By failing to file a return, people stand to lose more than refund of taxes withheld or paid during 2009. In addition, many low-and-moderate income workers may not have claimed the Earned Income Tax Credit (EITC). For 2009, the credit is worth as much as $5,657. The EITC helps individuals and families whose incomes are below certain thresholds. The thresholds for 2009 were:

$43,279 ($48,279 if married filing jointly) for those with three or more qualifying children,

$40,295 ($45,295 if married filing jointly) for people with two qualifying children,

$35,463 ($40,463 if married filing jointly) for those with one qualifying child, and

$13,440 ($18,440 if married filing jointly) for people without qualifying children.

For no obligation free consultations if your cancelled debt is taxable contact us today!
Aba Tax Accounting
Amare Berhie, Enrolled Agent
Amare@Abataxaccounting.Com
612-282-3200 Toll Free866-936-0430
http://www.abataxaccounting.com
http://www.abatax81.blogspot.com
http://www.abataxaccounting.wordpress.com

Published in: on March 15, 2013 at 4:33 am  Leave a Comment  
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Tax Credits that Can Reduce Your Taxes

Tax Credits that Can Reduce Your Taxes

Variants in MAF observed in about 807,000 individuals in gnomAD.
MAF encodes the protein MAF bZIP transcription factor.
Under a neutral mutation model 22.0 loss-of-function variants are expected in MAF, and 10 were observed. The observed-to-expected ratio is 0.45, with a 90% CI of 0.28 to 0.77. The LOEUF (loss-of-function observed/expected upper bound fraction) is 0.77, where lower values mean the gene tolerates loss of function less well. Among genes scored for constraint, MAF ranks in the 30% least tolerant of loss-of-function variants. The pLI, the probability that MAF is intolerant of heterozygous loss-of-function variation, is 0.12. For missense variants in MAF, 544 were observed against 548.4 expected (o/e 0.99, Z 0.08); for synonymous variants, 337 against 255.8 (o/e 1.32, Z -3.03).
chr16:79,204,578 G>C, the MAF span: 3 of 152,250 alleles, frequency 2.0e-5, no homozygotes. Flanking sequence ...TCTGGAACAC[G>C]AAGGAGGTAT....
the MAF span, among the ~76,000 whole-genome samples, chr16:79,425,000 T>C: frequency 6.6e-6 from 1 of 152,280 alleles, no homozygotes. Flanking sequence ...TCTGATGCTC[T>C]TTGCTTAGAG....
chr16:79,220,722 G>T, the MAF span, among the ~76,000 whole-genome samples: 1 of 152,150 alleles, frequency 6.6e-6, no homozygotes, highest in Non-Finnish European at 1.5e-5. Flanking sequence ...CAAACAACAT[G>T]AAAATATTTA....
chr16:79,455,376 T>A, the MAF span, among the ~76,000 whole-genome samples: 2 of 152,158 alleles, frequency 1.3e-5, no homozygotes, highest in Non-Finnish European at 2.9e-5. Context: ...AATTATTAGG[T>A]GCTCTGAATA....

Federal, State, Local and International Taxes – A tax credit reduces the amount of tax you must pay. A refundable tax credit not only reduces the federal tax you owe, but also could result in a refund.

Here are five credits the IRS wants you to consider before filing your 2012 federal income tax return:
1. The Earned Income Tax Credit is a refundable credit for people who work and don’t earn a lot of money. The maximum credit for 2012 returns is $5,891 for workers with three or more children. Eligibility is determined based on earnings, filing status and eligible children. Workers without children may be eligible for a smaller credit.
2. The Child and Dependent Care Credit is for expenses you paid for the care of your qualifying children under age 13, or for a disabled spouse or dependent. The care must enable you to work or look for work.
3. The Child Tax Credit may apply to you if you have a qualifying child under age 17. The credit may help reduce your federal income tax by up to $1,000 for each qualifying child you claim on your return.
4. The Retirement Savings Contributions Credit (Saver’s Credit) helps low-to-moderate income workers save for retirement. You may qualify if your income is below a certain limit and you contribute to an IRA or a retirement plan at work. The credit is in addition to any other tax savings that apply to retirement plans.
5. The American Opportunity Tax Credit helps offset some of the costs that you pay for higher education. The AOTC applies to the first four years of post-secondary education. The maximum credit is $2,500 per eligible student. Forty percent of the credit, up to $1,000, is refundable. You must file Form 8863, Education Credits, to claim it if you qualify.

Make sure you qualify before claiming any tax credit. For no obligation free consultations if your cancelled debt is taxable contact us today!